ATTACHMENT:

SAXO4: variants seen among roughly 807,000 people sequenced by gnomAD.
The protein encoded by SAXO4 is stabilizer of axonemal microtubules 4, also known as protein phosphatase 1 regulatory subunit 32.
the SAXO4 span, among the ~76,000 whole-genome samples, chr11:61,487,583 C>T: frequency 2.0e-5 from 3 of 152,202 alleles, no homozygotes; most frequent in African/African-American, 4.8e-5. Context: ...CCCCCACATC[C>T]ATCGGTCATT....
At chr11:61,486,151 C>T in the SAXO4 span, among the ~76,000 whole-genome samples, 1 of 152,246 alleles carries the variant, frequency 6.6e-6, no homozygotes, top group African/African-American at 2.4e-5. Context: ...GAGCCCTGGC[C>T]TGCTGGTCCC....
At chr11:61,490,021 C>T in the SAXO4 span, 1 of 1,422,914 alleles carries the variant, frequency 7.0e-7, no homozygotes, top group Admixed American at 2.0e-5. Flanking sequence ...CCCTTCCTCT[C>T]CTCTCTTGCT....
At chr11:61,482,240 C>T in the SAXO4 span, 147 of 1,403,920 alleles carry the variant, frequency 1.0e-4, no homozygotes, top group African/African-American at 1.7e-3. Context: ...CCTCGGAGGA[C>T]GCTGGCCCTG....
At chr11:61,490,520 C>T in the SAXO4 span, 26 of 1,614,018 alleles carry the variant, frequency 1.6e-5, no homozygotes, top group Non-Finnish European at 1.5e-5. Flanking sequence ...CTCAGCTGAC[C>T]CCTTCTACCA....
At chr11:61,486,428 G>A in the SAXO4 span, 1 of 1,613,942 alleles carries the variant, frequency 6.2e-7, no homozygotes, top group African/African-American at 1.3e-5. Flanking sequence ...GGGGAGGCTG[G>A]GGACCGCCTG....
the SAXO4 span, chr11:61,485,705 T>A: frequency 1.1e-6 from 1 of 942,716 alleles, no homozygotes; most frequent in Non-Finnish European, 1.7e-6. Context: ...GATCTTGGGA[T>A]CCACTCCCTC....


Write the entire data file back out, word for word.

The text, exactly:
SAXO4: variants seen among roughly 807,000 people sequenced by gnomAD.
The protein encoded by SAXO4 is stabilizer of axonemal microtubules 4, also known as protein phosphatase 1 regulatory subunit 32.
the SAXO4 span, among the ~76,000 whole-genome samples, chr11:61,487,583 C>T: frequency 2.0e-5 from 3 of 152,202 alleles, no homozygotes; most frequent in African/African-American, 4.8e-5. Context: ...CCCCCACATC[C>T]ATCGGTCATT....
At chr11:61,486,151 C>T in the SAXO4 span, among the ~76,000 whole-genome samples, 1 of 152,246 alleles carries the variant, frequency 6.6e-6, no homozygotes, top group African/African-American at 2.4e-5. Context: ...GAGCCCTGGC[C>T]TGCTGGTCCC....
At chr11:61,490,021 C>T in the SAXO4 span, 1 of 1,422,914 alleles carries the variant, frequency 7.0e-7, no homozygotes, top group Admixed American at 2.0e-5. Flanking sequence ...CCCTTCCTCT[C>T]CTCTCTTGCT....
At chr11:61,482,240 C>T in the SAXO4 span, 147 of 1,403,920 alleles carry the variant, frequency 1.0e-4, no homozygotes, top group African/African-American at 1.7e-3. Context: ...CCTCGGAGGA[C>T]GCTGGCCCTG....
At chr11:61,490,520 C>T in the SAXO4 span, 26 of 1,614,018 alleles carry the variant, frequency 1.6e-5, no homozygotes, top group Non-Finnish European at 1.5e-5. Flanking sequence ...CTCAGCTGAC[C>T]CCTTCTACCA....
At chr11:61,486,428 G>A in the SAXO4 span, 1 of 1,613,942 alleles carries the variant, frequency 6.2e-7, no homozygotes, top group African/African-American at 1.3e-5. Flanking sequence ...GGGGAGGCTG[G>A]GGACCGCCTG....
the SAXO4 span, chr11:61,485,705 T>A: frequency 1.1e-6 from 1 of 942,716 alleles, no homozygotes; most frequent in Non-Finnish European, 1.7e-6. Context: ...GATCTTGGGA[T>A]CCACTCCCTC....